By Patrick Colbeck
The primary duty of clerks is to maintain legal records pertinent to their jurisdiction. Clerks maintain chain of custody for vital records such as property titles, board meeting minutes, and charter amendments as these records are often used in court proceedings. Election records also fall under this responsibility.
The execution of this duty is not without its challenges.
In the wake of the 2020 election, clerks all across America are being told by electronic voting system vendors that they must make their voting equipment available for “preventative maintenance”. The maintenance of the records on these machines are the responsibility of the clerk.
So, how can a clerk monitor changes to these records especially when they are performed by vendors?
Make a copy of the voting equipment configuration before and after “preventative maintenance”. The following tool and others like it can be used to make images of the electronic data on voting equipment with relative ease and without putting the content on the source drive at risk of modification.
In addition to this Falcon device, you will need a unique storage device for each piece of voting equipment. This storage device should feature USB 3.0 interface for best performance and must have sufficient storage space to capture an image of the source device.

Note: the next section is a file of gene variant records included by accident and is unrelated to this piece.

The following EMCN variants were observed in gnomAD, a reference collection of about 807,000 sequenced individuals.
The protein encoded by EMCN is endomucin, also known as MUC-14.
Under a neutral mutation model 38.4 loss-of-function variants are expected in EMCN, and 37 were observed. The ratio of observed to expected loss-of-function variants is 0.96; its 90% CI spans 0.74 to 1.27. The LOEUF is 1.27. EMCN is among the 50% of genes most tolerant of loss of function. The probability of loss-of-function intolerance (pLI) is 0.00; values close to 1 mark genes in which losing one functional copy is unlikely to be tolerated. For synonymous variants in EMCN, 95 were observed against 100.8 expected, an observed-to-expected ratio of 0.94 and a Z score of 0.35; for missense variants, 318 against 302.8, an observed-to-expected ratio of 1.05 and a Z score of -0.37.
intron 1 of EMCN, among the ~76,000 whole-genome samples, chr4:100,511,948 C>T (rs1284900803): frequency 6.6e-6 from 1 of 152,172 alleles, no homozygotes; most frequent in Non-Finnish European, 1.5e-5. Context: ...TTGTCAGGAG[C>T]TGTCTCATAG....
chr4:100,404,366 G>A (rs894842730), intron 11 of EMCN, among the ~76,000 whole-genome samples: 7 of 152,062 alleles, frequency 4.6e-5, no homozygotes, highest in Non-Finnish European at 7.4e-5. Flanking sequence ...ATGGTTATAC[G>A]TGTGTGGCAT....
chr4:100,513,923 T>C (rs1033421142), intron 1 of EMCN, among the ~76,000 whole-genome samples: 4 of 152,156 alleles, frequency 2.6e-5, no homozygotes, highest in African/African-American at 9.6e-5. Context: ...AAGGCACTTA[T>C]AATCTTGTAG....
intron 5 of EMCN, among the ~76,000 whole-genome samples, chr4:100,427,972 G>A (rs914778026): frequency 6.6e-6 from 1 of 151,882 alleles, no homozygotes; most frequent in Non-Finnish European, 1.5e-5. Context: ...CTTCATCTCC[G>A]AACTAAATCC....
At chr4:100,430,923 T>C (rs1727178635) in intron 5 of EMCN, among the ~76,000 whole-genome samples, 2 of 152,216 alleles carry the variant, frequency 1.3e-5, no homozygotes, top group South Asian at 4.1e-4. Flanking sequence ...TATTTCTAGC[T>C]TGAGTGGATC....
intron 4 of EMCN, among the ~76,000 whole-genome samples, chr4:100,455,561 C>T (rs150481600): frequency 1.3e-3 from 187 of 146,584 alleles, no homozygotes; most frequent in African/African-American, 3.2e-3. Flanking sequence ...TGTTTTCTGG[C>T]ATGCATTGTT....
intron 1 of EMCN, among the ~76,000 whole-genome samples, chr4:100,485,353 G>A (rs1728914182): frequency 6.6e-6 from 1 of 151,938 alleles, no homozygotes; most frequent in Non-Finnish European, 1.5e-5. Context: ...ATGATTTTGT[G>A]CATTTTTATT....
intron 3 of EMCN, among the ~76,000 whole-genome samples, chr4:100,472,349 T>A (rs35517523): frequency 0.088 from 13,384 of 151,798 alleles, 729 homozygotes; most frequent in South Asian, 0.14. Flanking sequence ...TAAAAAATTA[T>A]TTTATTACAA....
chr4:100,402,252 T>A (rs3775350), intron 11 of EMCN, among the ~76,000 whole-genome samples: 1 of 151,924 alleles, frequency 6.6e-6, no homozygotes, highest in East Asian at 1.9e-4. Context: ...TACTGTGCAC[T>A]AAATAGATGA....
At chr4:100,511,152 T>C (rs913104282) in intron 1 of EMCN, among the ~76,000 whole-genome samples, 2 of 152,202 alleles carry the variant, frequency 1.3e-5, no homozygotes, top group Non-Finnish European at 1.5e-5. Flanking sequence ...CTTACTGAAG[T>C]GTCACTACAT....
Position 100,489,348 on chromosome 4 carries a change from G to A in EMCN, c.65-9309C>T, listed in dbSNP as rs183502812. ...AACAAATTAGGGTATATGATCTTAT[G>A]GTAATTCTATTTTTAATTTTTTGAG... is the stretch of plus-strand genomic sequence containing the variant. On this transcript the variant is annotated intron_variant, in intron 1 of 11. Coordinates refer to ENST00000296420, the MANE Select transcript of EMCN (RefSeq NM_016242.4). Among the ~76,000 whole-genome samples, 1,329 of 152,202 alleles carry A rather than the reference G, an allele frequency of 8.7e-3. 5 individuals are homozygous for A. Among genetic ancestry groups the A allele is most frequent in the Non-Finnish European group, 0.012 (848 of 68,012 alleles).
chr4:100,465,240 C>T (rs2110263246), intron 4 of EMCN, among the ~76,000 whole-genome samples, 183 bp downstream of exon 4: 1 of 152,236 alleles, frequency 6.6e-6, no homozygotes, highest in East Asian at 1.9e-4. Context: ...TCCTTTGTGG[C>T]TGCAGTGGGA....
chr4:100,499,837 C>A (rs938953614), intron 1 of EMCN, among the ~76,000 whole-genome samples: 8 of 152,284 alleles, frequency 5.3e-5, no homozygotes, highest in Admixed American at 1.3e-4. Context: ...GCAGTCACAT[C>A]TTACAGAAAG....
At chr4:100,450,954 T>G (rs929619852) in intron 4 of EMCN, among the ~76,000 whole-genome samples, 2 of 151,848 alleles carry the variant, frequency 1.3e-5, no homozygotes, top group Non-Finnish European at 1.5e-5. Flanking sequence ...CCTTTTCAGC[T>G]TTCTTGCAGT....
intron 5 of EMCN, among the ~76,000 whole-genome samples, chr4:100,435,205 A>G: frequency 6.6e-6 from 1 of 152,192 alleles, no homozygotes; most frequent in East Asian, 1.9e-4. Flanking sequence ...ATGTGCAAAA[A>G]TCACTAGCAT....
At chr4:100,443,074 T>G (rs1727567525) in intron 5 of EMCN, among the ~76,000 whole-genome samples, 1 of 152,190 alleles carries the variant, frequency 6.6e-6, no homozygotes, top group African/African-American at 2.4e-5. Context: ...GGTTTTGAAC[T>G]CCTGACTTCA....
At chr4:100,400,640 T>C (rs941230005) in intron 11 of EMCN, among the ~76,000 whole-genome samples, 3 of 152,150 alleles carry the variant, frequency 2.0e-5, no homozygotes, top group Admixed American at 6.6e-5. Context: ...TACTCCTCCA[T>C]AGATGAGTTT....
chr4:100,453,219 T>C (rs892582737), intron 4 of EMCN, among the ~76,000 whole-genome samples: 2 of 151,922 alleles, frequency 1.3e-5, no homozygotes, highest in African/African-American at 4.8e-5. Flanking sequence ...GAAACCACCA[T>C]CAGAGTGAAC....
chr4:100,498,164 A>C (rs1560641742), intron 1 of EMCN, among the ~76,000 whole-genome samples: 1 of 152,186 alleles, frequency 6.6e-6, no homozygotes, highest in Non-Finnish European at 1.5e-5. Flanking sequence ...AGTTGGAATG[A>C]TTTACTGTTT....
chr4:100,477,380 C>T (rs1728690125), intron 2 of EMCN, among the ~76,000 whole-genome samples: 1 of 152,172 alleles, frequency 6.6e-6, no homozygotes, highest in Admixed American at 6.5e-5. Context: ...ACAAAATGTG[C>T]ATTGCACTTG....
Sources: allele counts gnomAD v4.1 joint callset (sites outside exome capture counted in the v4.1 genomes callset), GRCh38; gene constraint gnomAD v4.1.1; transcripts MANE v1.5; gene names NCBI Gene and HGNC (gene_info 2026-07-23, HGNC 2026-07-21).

Performing one’s duties as a clerk, however, are not without risks in today’s hyper-partisan, lawless America. Tina Peters of Mesa County, Colorado took images of her equipment before and after vendor “maintenance”. She is now being investigated for criminal charges by the Colorado Secretary of State Jena Griswold for doing her job.
Electronic voting systems connected to the internet (yes…despite assertions to the contrary, there is plenty of evidence confirming internet connectivity of voting systems) essentially centralize the management of elections. Much like in Maricopa County, AZ, it was interesting to note that it was the state not the county who was in possession of Dominion administrative credentials for the election. This centralization of our election processes is a clear threat to the integrity of our elections as it enables fewer and fewer people to control larger and larger segments of our voting jurisdictions. In many states, the clerk role in the conduct of elections has been diluted to the point of merely serving as a drone worker taking orders from the queen bee. The clerk election role has been marginalized and electronic voting systems enable elections to be managed in a top-down manner.
The only way to restore integrity to our election processes is to decentralized our election systems and eliminate electronic voting systems. Until that happens, clerks need to take a more active role in the preservation of electronic in addition to paper records pertinent to the election record chain of custody.